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Einige Bemerkungen zu der Abhandlung von E.~Zermelo: ӆber die Definitheit in der Axiomatik'

In Selected Works in Logic. Universitetsforlaget. pp. 276--9 (1930)

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  1. The Mathematical Development of Set Theory From Cantor to Cohen.Akihiro Kanamori - 1996 - Bulletin of Symbolic Logic 2 (1):1-71.
    Set theory is an autonomous and sophisticated field of mathematics, enormously successful not only at its continuing development of its historical heritage but also at analyzing mathematical propositions cast in set-theoretic terms and gauging their consistency strength. But set theory is also distinguished by having begun intertwined with pronounced metaphysical attitudes, and these have even been regarded as crucial by some of its great developers. This has encouraged the exaggeration of crises in foundations and of metaphysical doctrines in general. However, (...)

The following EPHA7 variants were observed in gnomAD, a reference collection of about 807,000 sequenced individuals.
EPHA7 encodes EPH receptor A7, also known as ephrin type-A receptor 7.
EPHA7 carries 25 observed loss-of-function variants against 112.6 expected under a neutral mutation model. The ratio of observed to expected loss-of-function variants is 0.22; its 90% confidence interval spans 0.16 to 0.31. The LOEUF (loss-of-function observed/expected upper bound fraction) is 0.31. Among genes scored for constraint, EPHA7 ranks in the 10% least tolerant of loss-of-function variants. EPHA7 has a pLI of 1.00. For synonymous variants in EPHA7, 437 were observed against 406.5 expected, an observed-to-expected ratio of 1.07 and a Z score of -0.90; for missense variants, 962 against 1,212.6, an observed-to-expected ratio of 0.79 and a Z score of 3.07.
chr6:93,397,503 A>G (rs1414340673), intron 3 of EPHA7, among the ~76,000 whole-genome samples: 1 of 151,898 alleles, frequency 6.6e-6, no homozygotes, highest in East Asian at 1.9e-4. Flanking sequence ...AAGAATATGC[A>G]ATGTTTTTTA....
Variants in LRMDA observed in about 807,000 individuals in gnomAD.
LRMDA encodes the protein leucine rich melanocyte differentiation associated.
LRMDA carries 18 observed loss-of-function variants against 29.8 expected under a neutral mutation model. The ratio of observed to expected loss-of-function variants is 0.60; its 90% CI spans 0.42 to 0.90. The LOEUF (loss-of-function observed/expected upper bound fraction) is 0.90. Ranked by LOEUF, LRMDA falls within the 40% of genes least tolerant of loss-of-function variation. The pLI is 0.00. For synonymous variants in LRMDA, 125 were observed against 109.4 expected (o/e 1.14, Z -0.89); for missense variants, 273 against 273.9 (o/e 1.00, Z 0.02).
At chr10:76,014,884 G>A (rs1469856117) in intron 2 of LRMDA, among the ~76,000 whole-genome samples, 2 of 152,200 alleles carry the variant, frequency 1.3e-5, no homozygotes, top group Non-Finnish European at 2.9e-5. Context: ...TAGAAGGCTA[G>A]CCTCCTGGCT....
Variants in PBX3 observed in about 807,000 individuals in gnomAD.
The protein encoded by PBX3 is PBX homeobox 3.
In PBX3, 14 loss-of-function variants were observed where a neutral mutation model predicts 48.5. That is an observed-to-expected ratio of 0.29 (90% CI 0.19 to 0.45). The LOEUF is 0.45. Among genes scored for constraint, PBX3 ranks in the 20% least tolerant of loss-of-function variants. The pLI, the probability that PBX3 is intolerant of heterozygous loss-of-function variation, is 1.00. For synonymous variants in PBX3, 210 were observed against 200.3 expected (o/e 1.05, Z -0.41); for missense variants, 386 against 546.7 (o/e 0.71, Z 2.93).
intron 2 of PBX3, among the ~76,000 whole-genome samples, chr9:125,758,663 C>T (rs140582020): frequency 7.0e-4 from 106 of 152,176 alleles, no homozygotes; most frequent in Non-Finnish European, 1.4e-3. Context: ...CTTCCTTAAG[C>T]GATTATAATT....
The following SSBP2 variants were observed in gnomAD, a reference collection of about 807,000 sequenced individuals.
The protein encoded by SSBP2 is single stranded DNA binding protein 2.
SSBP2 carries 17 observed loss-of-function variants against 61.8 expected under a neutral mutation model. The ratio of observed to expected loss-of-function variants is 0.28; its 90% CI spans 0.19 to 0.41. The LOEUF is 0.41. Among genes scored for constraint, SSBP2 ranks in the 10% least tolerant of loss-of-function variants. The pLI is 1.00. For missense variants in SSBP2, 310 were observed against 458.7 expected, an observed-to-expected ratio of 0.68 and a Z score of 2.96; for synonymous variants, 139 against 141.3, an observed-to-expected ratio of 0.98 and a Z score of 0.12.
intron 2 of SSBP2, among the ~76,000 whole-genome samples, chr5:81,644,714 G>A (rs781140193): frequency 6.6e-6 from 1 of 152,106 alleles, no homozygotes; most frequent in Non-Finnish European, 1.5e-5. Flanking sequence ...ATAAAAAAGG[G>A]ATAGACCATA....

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  • Zermelo: Definiteness and the Universe of Definable Sets.Heinz-Dieter Ebbinghaus - 2003 - History and Philosophy of Logic 24 (3):197-219.
    Using hitherto unpublished manuscripts from the Zermelo Nachlass, I describe the development of the notion of definiteness and the discussion about it, giving a conclusive picture of Zermelo's thoughts up to the late thirties. As it turns out, Zermelo's considerations about definiteness are intimately related to his concept of a Cantorian universe of categorically definable sets that may be considered an inner model of set theory in an ideationally given universe of classes.
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  • Reflections on Skolem's Relativity of Set-Theoretical Concepts.Ignagio Jane - 2001 - Philosophia Mathematica 9 (2):129-153.
    In this paper an attempt is made to present Skolem's argument, for the relativity of some set-theoretical notions as a sensible one. Skolem's critique of set theory is seen as part of a larger argument to the effect that no conclusive evidence has been given for the existence of uncountable sets. Some replies to Skolem are discussed and are shown not to affect Skolem's position, since they all presuppose the existence of uncountable sets. The paper ends with an assessment of (...)
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